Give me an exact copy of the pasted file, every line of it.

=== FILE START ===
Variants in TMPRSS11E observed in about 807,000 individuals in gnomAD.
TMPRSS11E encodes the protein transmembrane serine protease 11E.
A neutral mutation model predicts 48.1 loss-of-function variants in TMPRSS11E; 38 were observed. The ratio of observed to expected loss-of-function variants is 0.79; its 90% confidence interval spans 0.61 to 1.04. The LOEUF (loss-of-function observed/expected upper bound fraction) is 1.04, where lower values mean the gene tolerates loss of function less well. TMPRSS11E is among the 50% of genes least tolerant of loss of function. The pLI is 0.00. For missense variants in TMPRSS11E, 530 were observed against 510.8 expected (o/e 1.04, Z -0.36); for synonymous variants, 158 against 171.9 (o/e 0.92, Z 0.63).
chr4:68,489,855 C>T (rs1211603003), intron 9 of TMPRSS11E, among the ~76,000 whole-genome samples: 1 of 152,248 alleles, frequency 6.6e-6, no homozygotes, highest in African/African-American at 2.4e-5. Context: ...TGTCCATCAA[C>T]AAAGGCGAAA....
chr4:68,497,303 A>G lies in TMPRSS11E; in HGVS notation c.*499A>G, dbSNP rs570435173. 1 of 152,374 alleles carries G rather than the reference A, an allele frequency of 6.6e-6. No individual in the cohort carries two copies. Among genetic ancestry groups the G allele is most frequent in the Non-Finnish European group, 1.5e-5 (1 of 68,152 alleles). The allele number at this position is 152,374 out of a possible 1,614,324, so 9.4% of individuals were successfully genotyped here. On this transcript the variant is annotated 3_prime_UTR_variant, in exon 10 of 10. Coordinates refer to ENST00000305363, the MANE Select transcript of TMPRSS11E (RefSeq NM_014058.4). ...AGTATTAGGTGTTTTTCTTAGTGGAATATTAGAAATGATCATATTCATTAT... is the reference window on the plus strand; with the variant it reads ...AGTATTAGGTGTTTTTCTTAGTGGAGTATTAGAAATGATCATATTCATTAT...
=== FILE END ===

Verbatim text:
Variants in TMPRSS11E observed in about 807,000 individuals in gnomAD.
TMPRSS11E encodes the protein transmembrane serine protease 11E.
A neutral mutation model predicts 48.1 loss-of-function variants in TMPRSS11E; 38 were observed. The ratio of observed to expected loss-of-function variants is 0.79; its 90% confidence interval spans 0.61 to 1.04. The LOEUF (loss-of-function observed/expected upper bound fraction) is 1.04, where lower values mean the gene tolerates loss of function less well. TMPRSS11E is among the 50% of genes least tolerant of loss of function. The pLI is 0.00. For missense variants in TMPRSS11E, 530 were observed against 510.8 expected (o/e 1.04, Z -0.36); for synonymous variants, 158 against 171.9 (o/e 0.92, Z 0.63).
chr4:68,489,855 C>T (rs1211603003), intron 9 of TMPRSS11E, among the ~76,000 whole-genome samples: 1 of 152,248 alleles, frequency 6.6e-6, no homozygotes, highest in African/African-American at 2.4e-5. Context: ...TGTCCATCAA[C>T]AAAGGCGAAA....
chr4:68,497,303 A>G lies in TMPRSS11E; in HGVS notation c.*499A>G, dbSNP rs570435173. 1 of 152,374 alleles carries G rather than the reference A, an allele frequency of 6.6e-6. No individual in the cohort carries two copies. Among genetic ancestry groups the G allele is most frequent in the Non-Finnish European group, 1.5e-5 (1 of 68,152 alleles). The allele number at this position is 152,374 out of a possible 1,614,324, so 9.4% of individuals were successfully genotyped here. On this transcript the variant is annotated 3_prime_UTR_variant, in exon 10 of 10. Coordinates refer to ENST00000305363, the MANE Select transcript of TMPRSS11E (RefSeq NM_014058.4). ...AGTATTAGGTGTTTTTCTTAGTGGAATATTAGAAATGATCATATTCATTAT... is the reference window on the plus strand; with the variant it reads ...AGTATTAGGTGTTTTTCTTAGTGGAGTATTAGAAATGATCATATTCATTAT...